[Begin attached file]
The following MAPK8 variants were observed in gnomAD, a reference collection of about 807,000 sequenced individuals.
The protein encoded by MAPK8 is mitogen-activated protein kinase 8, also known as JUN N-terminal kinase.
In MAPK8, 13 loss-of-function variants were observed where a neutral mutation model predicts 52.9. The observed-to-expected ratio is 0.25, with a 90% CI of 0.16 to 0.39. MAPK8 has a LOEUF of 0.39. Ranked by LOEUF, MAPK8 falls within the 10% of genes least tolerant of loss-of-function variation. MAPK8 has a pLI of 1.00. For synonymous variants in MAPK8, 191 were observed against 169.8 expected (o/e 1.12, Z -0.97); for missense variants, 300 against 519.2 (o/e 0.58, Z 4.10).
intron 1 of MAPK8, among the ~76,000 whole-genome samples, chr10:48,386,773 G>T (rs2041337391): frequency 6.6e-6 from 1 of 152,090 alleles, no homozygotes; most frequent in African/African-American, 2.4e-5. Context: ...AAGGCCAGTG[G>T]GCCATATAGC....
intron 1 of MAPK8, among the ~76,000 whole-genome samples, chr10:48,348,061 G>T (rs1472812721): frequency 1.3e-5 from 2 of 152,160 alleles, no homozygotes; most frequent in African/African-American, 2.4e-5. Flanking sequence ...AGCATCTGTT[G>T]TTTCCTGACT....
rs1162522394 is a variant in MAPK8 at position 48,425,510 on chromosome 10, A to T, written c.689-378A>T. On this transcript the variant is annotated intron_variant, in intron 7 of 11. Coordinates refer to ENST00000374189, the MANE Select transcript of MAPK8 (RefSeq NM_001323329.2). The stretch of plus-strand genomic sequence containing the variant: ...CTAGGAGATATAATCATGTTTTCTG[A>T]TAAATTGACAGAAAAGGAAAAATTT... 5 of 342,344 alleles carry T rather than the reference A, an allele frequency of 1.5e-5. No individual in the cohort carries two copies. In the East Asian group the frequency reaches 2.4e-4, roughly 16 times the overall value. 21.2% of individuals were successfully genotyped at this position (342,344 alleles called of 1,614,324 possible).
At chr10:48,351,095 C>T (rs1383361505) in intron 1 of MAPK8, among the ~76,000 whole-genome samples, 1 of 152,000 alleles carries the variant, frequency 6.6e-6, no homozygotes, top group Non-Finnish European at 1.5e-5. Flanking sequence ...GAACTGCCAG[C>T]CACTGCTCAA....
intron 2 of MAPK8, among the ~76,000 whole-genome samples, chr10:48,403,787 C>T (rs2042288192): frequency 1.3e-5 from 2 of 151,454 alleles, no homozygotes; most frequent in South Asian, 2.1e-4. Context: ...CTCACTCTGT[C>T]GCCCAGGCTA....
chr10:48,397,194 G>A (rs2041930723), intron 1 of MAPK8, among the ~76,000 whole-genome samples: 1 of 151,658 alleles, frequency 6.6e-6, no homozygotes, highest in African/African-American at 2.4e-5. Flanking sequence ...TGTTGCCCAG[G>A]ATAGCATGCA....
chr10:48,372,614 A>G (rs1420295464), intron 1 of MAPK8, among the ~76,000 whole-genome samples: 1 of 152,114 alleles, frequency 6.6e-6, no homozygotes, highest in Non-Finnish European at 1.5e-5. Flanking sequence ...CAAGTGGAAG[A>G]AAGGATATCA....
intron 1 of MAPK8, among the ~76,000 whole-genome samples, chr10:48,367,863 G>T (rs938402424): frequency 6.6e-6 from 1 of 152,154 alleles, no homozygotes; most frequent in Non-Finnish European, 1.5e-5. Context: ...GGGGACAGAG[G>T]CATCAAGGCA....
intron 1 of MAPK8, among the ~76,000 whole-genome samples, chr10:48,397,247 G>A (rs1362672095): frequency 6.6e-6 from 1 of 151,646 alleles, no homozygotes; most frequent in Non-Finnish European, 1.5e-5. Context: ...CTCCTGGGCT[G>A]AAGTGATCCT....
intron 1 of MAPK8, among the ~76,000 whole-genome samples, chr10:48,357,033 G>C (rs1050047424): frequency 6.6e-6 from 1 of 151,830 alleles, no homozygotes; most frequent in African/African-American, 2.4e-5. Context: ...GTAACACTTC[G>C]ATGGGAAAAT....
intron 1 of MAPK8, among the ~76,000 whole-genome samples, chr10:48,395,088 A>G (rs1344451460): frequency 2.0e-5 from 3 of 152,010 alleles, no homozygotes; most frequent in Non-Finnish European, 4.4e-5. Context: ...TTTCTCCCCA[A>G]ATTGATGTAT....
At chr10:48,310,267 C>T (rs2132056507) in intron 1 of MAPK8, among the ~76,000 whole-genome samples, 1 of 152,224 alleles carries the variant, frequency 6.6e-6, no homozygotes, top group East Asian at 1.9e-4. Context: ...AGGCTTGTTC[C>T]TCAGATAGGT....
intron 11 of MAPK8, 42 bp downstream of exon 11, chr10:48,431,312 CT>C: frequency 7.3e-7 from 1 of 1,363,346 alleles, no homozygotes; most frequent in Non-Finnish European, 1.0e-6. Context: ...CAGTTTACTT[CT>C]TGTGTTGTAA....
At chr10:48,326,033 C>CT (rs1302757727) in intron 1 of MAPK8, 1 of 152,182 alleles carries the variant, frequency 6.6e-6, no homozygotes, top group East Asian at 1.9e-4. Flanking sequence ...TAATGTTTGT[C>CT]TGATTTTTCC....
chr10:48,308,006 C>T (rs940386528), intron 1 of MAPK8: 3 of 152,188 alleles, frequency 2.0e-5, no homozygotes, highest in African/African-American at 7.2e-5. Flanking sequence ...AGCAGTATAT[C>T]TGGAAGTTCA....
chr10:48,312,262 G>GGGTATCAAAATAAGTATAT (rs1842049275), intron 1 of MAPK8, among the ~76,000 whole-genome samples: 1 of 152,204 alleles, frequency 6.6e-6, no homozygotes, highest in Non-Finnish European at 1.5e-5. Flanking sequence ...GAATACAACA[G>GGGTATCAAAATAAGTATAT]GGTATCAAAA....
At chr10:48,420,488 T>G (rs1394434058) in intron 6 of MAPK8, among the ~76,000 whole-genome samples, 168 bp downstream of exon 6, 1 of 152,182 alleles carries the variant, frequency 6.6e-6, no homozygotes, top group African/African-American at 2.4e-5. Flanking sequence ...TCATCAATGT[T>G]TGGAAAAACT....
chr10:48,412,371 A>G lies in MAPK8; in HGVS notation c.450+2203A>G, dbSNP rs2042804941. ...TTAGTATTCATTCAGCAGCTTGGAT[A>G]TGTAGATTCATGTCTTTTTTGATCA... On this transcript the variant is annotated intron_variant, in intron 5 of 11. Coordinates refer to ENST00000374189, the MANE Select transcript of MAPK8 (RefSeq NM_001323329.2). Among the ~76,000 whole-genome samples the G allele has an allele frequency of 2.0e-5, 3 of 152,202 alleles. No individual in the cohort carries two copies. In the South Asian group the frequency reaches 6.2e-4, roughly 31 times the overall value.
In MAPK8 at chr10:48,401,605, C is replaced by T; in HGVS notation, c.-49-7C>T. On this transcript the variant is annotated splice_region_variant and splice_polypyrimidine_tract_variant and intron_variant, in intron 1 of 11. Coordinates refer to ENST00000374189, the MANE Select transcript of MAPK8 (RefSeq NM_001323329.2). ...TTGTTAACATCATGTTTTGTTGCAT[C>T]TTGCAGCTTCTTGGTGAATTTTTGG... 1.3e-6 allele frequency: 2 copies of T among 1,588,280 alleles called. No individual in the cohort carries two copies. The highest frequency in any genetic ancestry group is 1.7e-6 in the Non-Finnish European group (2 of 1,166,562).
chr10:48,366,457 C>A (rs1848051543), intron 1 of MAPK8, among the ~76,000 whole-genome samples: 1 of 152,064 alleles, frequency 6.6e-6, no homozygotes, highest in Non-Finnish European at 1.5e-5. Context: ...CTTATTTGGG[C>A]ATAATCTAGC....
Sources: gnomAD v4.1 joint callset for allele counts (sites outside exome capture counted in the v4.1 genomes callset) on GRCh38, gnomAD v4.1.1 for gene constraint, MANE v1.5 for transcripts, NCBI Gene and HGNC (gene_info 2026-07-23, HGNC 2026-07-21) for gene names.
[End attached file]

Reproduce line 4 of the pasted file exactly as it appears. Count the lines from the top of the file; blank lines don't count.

intron 1 of MAPK8, among the ~76,000 whole-genome samples, chr10:48,386,773 G>T (rs2041337391): frequency 6.6e-6 from 1 of 152,090 alleles, no homozygotes; most frequent in African/African-American, 2.4e-5. Context: ...AAGGCCAGTG[G>T]GCCATATAGC....